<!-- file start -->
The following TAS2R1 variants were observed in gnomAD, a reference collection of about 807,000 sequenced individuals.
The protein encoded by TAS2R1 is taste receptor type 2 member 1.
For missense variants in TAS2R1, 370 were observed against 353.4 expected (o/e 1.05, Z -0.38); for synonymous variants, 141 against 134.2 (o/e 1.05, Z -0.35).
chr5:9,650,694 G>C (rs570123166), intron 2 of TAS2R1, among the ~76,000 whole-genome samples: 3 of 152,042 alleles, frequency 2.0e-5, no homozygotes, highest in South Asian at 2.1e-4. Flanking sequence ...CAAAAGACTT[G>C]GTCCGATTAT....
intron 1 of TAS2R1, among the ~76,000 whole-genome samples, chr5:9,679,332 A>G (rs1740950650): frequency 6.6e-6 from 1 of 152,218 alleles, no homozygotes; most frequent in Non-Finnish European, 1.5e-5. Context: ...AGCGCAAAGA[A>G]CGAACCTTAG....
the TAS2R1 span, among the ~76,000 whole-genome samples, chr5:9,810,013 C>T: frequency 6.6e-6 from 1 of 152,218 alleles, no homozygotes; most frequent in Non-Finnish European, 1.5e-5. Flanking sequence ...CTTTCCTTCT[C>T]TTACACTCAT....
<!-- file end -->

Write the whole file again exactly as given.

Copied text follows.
The following TAS2R1 variants were observed in gnomAD, a reference collection of about 807,000 sequenced individuals.
The protein encoded by TAS2R1 is taste receptor type 2 member 1.
For missense variants in TAS2R1, 370 were observed against 353.4 expected (o/e 1.05, Z -0.38); for synonymous variants, 141 against 134.2 (o/e 1.05, Z -0.35).
chr5:9,650,694 G>C (rs570123166), intron 2 of TAS2R1, among the ~76,000 whole-genome samples: 3 of 152,042 alleles, frequency 2.0e-5, no homozygotes, highest in South Asian at 2.1e-4. Flanking sequence ...CAAAAGACTT[G>C]GTCCGATTAT....
intron 1 of TAS2R1, among the ~76,000 whole-genome samples, chr5:9,679,332 A>G (rs1740950650): frequency 6.6e-6 from 1 of 152,218 alleles, no homozygotes; most frequent in Non-Finnish European, 1.5e-5. Context: ...AGCGCAAAGA[A>G]CGAACCTTAG....
the TAS2R1 span, among the ~76,000 whole-genome samples, chr5:9,810,013 C>T: frequency 6.6e-6 from 1 of 152,218 alleles, no homozygotes; most frequent in Non-Finnish European, 1.5e-5. Flanking sequence ...CTTTCCTTCT[C>T]TTACACTCAT....